UK biotechnology group Amarin saw its loss widen for the fourth quarter of 2005, as a substantial investment in research and development and intellectual property was buffered by license fee revenue and lower selling, general and administrative expenses.
The company posted a net loss of $5.2 million, or $0.10 per American Depositary Share, versus a loss of $4.8 million, or $0.13 per ADS, for the year-earlier period, as results were dragged down by R&D costs of $2.4 million.
On the plus side, Amarin booked revenues of $1 billion for the period, with $500,000 stemming from an initial access fee received from Multicell on the licensing of exclusive, worldwide rights to LAX-202 for the treatment of fatigue in patients suffering from multiple sclerosis.
For 2005, Amarin reported a net loss of $18.7 million, or $0.40 per ADS, compared with net income of $4.7 million, or $0.21 per ADS, for the year ended December 31, 2004. The operating loss from continuing activities was $18.9 million, versus an operating loss of $9.9 million for the prior year. Again, the firm explained the hike in loss as primarily being the result of heavier investment in R&D and intellectual property during the year.
Commenting on the group’s performance, Chief Executive Officer, Rick Stewart, stated: “2005 was a watershed year for Amarin, marked by significant advances in all activities. We made substantial progress with all of our development programs, successfully out-licensed one of our pipeline programs, enhanced our management team with key hires in critically important positions, and considerably strengthened our balance sheet through a number of successful financings that raised gross proceeds of $46.3 million."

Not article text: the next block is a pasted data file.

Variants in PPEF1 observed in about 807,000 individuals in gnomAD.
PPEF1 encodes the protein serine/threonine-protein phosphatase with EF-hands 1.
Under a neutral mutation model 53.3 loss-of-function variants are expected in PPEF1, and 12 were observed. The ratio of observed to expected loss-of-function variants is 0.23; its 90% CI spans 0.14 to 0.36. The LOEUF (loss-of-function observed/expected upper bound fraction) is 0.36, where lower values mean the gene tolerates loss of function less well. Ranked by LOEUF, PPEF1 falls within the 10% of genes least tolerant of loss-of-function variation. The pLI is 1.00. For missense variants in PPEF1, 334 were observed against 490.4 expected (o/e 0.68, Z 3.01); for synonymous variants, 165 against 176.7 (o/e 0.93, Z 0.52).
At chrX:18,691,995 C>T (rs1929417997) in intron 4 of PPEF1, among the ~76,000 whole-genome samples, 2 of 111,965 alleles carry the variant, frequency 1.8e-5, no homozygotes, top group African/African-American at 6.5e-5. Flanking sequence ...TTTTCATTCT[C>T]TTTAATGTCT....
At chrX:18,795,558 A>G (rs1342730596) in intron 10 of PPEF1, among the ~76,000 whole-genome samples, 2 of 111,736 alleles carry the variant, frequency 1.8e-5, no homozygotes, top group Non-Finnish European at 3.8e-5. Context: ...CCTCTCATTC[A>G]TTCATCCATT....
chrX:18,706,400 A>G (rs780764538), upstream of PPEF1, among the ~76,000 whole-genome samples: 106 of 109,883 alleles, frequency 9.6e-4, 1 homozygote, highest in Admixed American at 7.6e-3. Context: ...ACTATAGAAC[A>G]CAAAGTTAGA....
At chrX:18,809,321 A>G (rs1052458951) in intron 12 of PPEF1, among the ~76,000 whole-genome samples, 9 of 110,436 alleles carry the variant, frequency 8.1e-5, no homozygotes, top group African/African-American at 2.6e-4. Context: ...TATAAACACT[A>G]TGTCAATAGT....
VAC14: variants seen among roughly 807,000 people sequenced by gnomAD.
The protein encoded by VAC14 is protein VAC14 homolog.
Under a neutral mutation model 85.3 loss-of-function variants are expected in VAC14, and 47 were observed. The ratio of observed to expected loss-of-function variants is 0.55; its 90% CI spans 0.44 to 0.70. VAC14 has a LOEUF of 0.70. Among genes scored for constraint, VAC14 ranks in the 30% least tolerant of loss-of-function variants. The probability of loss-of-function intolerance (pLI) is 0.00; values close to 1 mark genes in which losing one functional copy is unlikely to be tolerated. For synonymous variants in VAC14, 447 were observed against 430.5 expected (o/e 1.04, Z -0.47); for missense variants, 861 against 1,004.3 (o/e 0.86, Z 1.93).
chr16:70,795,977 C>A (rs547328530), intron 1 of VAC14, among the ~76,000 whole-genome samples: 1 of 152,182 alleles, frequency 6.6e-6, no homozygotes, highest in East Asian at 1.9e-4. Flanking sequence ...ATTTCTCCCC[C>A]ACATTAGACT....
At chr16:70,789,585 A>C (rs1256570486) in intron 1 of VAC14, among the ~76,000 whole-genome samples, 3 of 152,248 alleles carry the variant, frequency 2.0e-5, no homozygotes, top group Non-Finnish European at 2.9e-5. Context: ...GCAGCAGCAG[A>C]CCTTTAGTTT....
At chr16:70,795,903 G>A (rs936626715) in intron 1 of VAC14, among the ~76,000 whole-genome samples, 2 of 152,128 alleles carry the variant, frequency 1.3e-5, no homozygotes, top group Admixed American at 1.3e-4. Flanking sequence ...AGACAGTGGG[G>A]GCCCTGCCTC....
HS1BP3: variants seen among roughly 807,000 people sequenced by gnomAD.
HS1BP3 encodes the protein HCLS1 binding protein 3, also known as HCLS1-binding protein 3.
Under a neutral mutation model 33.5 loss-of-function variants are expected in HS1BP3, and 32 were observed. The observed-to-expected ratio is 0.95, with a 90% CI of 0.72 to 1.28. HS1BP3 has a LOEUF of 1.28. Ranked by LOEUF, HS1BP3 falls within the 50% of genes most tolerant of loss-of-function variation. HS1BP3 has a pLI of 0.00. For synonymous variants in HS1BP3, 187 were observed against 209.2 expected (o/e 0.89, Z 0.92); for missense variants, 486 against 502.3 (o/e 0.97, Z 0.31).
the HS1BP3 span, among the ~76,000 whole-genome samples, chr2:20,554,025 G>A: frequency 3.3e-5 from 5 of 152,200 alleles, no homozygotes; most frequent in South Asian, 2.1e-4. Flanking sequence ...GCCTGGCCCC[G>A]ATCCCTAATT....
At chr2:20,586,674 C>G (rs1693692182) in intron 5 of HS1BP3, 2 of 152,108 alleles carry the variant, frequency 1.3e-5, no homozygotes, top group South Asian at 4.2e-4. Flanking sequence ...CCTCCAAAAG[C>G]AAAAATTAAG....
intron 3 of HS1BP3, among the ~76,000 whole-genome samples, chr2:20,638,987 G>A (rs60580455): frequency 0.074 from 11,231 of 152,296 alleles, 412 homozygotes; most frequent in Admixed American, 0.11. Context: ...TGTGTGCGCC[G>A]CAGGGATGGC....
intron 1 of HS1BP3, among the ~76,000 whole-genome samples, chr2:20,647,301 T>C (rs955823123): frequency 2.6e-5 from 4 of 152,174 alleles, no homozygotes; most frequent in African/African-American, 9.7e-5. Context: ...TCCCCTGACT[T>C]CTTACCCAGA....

He went on to say: "We continue to successfully implement our focused strategy of advancing our clinical programs in Huntington's disease and other neurodegenerative diseases while partnering our product candidates outside of this core area of focus. Our strengthened balance sheet allows us to actively pursue our course and we expect to build on our momentum throughout 2006."
The company intends to directly commercialize its neurology pipeline in the US and to partner it for geographic markets outside this region, while for indications outside of neurology, such as depression, Amarin plans to partner its pipeline globally, is said. In addition, the firm’s strategy also includes the acquisition and in-licensing of neurology products that it can develop and market directly in America.